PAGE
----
As someone with a scientific background in physics but new to the field of astrobiology I found this book to be an excellent introduction to the subject of astrobiology. David Catling manages to explain a large number of complex ideas in a simplified manner making them accessible to a wider audience.
The first chapter sets up the field, discussing the difficulties of coming up with a definition for life and how explaining the origin and evolution of life on Earth is integral to astrobiology. He then goes onto the formation of the stars and planets with a focus on the solar system and the factors that affect the habitability of a planet. I really enjoyed Chapters 3 and 4 where he discusses the origin of life and how this could have evolved from microbial to the complex life we see today. This included reviewing the oldest microfossils found and looking at the history of the earth and how it maintained an environment fit for life.
Chapter 5 gives an overview of basic biology explaining DNA and cell structure with a brief look at extremophile organisms. The last third of the book is about the possibility of life existing in the solar system and beyond with the discovery of greater numbers of exoplanets. Catling gives a list of possible life-harbouring objects in the solar system before going through explaining the likelihood and types of life that could be compatible to each environment. He reviews the current detection techniques for exoplanets, the idea of a galactic habitable zone and the search for intelligent life as opposed to microbial life.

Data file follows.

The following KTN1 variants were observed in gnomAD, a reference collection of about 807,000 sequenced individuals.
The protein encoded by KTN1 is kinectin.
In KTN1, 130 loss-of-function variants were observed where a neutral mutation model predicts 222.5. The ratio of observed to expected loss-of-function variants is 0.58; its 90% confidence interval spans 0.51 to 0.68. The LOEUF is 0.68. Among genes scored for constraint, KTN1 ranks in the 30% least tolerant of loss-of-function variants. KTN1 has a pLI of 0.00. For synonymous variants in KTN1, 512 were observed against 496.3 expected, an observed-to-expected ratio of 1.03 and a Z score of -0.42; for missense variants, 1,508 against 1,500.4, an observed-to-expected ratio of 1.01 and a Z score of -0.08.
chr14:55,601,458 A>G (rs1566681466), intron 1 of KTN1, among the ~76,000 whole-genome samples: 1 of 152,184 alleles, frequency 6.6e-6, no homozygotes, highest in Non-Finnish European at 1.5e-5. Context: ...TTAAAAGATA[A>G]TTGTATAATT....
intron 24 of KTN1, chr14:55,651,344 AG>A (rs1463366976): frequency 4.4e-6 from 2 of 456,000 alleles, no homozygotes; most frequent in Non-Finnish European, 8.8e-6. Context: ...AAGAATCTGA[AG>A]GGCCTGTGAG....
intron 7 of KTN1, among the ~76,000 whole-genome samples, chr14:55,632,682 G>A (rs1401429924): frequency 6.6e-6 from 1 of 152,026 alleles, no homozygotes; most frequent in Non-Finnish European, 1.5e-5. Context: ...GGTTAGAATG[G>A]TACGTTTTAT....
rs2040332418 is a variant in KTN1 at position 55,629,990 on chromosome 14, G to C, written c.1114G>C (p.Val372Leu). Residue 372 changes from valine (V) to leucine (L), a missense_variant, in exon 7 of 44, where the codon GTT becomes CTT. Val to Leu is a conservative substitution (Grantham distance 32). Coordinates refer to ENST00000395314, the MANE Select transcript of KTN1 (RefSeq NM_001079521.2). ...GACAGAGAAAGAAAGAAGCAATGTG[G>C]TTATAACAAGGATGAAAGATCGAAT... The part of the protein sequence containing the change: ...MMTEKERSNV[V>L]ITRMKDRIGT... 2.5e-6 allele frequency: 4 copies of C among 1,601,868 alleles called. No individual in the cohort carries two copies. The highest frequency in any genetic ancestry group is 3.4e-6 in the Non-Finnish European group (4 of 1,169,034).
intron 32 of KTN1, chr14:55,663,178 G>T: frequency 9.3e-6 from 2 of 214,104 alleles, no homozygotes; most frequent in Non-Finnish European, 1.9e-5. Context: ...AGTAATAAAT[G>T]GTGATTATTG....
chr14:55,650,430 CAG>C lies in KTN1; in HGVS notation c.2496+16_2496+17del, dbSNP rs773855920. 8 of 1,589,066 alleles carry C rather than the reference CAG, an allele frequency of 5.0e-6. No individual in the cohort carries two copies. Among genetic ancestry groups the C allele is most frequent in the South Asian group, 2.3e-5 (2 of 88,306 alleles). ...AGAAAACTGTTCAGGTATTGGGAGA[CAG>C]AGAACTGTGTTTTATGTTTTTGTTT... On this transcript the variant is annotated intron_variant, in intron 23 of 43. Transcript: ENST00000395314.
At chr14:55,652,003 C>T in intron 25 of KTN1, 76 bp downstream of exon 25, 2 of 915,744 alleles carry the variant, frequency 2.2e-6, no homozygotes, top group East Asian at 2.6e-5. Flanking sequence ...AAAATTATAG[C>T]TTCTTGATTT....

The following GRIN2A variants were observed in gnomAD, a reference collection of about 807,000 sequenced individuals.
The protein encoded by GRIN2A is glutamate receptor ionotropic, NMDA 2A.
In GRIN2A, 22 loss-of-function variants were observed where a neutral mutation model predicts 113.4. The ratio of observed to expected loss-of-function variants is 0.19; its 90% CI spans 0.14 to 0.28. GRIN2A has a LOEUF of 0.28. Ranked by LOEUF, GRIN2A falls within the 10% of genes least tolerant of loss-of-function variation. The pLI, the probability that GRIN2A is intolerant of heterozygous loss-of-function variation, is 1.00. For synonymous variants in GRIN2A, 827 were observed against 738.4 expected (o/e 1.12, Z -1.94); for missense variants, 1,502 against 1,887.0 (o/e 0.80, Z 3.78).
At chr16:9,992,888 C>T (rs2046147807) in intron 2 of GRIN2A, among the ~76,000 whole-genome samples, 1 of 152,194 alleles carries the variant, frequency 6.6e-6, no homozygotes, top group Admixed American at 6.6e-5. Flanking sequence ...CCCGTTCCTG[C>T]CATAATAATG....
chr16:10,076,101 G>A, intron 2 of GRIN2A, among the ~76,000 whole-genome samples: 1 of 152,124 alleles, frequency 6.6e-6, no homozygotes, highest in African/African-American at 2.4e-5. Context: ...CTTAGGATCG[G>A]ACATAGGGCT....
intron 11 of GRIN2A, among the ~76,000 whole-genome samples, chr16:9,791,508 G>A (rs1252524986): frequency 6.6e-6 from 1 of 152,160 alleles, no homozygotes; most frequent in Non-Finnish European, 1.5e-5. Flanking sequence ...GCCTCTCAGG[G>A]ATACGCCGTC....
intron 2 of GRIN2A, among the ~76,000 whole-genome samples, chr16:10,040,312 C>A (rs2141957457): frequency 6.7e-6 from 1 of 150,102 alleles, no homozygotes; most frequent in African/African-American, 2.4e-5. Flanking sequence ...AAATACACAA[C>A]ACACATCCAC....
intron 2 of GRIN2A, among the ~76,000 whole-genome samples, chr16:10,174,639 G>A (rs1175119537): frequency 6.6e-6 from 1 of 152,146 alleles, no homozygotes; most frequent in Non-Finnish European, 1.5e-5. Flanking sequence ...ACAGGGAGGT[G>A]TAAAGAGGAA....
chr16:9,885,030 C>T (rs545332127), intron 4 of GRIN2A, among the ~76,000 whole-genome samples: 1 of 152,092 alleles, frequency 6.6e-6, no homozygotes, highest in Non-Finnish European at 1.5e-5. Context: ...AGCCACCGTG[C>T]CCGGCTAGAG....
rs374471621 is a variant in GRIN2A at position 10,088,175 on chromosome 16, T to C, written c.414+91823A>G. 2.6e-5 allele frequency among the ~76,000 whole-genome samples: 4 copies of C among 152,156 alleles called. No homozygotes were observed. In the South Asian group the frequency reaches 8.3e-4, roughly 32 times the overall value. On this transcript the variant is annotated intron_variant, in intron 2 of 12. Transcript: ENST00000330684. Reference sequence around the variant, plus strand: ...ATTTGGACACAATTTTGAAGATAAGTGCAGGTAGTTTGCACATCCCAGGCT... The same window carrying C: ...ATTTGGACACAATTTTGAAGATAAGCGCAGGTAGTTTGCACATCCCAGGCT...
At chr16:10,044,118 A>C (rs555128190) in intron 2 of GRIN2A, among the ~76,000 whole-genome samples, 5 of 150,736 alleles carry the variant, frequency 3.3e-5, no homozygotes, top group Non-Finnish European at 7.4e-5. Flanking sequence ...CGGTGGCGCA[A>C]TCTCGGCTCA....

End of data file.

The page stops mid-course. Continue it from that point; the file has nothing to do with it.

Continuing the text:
What I enjoyed about this introduction to astrobiology is the different fields that are touched upon and explained in a simplified yet not patronising manner. The book jumps from astronomy and planetary science to chemistry and biology. I also liked how the author was explicit when discussing topics that are still being debated by scientists such as the waterbelt vs snowball earth. The book also contains suggestions for further reading on the concepts explained in each chapter for people looking for a more thorough explanation.
Reviewed by: Arthur Smalley, University of Leicester